Chapter 14 Part 10 | Son in Sorrow | IHGK Book 2
Temmin headed toward the stables for his morning ride. He'd been trying the gentle approach, encouraging Alvo to come to him rather than forcing the issue, but it had been almost two weeks. Temmin didn't have time to wait for Alvo to come around. He had to get behind him and push.
He found the stocky young man in Jebby's stall. "How fortuitous. My horse and my best friend, just the two I want. Fetch a horse, Alvy, we're going riding."
Alvo froze midway through taking off his cap. "Your Highness, I have work to do."
"Balls to that. Saddle up. This is not a request." Alvo stomped off. Sometimes, thought Temmin, a man must use the tools at his disposal, and rank was such a tool.
Soon they were trotting from the yards, Temmin on Jebby and Alvo on a stubborn-faced but obedient gray. Frost covered the ground this morning; it crackled under the horses' hooves. Neither man spoke as they broke into a canter and left the road, flying over the familiar pastures and meadows surrounding the Estate and its farms.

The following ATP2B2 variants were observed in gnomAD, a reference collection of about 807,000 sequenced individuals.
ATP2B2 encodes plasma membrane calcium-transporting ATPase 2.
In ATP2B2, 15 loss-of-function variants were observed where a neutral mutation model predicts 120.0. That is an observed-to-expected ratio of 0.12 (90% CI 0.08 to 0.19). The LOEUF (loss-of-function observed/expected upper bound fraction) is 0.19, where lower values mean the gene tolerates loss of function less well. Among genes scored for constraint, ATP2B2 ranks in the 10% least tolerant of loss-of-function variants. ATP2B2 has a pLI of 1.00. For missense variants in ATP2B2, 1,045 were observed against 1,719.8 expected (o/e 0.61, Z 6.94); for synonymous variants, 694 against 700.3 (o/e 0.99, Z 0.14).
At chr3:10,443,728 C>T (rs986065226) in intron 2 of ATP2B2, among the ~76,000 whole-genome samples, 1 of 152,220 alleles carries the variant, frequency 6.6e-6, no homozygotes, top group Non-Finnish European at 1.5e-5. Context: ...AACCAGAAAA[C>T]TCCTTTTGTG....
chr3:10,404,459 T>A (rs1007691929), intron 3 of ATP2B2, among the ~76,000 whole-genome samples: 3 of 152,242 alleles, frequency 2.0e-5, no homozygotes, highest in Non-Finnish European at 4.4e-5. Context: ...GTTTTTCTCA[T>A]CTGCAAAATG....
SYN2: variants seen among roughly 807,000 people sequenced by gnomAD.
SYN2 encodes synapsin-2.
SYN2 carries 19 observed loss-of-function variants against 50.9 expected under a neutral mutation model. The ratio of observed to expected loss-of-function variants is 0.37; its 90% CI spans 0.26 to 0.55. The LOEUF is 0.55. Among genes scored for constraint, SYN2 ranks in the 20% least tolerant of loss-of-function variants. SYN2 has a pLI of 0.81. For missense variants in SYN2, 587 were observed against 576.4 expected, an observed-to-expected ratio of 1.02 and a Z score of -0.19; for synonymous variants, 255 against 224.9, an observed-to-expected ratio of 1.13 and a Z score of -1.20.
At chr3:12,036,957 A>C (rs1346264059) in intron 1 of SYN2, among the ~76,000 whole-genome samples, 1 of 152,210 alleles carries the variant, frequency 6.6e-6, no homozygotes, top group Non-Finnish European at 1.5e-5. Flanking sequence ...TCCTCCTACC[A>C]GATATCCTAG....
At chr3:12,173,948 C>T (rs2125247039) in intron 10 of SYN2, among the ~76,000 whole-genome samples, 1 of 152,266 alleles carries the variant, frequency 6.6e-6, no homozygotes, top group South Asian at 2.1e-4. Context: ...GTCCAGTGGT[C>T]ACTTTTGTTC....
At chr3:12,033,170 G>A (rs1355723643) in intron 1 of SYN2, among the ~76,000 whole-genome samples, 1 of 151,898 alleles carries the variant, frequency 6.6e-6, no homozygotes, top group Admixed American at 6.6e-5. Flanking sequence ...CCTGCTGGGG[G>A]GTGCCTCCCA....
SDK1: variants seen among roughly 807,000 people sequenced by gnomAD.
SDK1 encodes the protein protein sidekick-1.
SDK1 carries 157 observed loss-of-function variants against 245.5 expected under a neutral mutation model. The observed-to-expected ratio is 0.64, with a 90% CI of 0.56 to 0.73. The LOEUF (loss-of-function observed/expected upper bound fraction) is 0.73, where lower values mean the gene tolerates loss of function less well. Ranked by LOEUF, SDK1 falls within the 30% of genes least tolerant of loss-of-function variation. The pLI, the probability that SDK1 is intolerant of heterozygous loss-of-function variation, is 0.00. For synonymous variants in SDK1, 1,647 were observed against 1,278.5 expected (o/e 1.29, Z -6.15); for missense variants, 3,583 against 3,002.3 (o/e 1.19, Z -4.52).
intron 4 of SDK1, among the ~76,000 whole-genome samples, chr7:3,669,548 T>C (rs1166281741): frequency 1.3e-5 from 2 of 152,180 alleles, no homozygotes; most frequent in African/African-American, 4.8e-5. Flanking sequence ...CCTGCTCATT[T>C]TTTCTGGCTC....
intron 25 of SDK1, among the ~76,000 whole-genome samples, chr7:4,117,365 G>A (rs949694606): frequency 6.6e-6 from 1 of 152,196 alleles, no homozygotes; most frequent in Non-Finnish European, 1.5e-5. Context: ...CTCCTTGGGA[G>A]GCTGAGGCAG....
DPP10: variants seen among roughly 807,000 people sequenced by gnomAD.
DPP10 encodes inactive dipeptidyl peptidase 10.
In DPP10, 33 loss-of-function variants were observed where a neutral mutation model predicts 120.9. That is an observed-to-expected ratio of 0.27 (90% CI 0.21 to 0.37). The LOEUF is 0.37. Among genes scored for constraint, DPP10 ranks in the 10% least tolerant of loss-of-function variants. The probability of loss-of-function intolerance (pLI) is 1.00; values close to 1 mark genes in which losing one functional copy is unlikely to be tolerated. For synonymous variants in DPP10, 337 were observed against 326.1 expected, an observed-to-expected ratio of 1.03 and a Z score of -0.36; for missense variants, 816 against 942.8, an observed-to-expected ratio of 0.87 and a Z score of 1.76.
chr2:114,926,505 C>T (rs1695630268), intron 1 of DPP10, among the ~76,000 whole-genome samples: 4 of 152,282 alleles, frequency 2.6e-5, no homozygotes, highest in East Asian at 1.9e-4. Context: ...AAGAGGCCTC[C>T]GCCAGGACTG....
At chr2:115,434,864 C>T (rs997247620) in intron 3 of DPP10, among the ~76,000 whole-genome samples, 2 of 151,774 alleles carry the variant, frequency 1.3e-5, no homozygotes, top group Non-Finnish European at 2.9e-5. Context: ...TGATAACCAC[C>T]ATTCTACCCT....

Temmin let their course set itself as he thought over what to say and soon discovered he'd pointed them at the old hill fortress rising up from the flattest part of the lands around the Estate. The lords of Whithorse had abandoned the Freehold long ago, though he remembered it from Tennoc's story as it was in its prime. Sheep grazed where its defenses once stood, the ramparts and ditches reduced to steeply rolling ridges around the great hill. The Freehold's enclosing walls had crumbled away; on the broad, flat hilltop could still be seen the stone fortress's faint remains. After a long gallop he reined in, and Alvo did the same.